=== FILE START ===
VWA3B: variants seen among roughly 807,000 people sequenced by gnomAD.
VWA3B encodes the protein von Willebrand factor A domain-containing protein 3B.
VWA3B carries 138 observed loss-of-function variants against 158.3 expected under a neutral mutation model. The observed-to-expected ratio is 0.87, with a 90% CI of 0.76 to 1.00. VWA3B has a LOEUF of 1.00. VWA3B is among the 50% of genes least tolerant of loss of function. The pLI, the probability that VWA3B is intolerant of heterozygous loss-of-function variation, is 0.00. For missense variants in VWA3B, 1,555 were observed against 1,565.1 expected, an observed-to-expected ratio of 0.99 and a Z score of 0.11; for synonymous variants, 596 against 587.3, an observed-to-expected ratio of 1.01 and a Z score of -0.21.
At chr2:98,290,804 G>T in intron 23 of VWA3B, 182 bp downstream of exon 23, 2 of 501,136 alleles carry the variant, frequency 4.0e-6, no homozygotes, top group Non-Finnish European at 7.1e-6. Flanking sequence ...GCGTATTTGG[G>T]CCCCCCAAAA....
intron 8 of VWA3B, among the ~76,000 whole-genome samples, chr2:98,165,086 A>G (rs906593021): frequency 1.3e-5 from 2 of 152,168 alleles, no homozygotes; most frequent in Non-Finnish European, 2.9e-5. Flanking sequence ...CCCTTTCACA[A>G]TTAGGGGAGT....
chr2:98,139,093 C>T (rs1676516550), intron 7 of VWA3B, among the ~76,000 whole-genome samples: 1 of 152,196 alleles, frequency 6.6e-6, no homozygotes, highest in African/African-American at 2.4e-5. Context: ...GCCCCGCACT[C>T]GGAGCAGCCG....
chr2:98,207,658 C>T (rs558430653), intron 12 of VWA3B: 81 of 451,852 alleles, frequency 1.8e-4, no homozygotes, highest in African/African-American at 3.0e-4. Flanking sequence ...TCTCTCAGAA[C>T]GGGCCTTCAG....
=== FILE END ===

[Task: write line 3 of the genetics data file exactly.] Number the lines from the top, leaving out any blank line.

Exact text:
VWA3B carries 138 observed loss-of-function variants against 158.3 expected under a neutral mutation model. The observed-to-expected ratio is 0.87, with a 90% CI of 0.76 to 1.00. VWA3B has a LOEUF of 1.00. VWA3B is among the 50% of genes least tolerant of loss of function. The pLI, the probability that VWA3B is intolerant of heterozygous loss-of-function variation, is 0.00. For missense variants in VWA3B, 1,555 were observed against 1,565.1 expected, an observed-to-expected ratio of 0.99 and a Z score of 0.11; for synonymous variants, 596 against 587.3, an observed-to-expected ratio of 1.01 and a Z score of -0.21.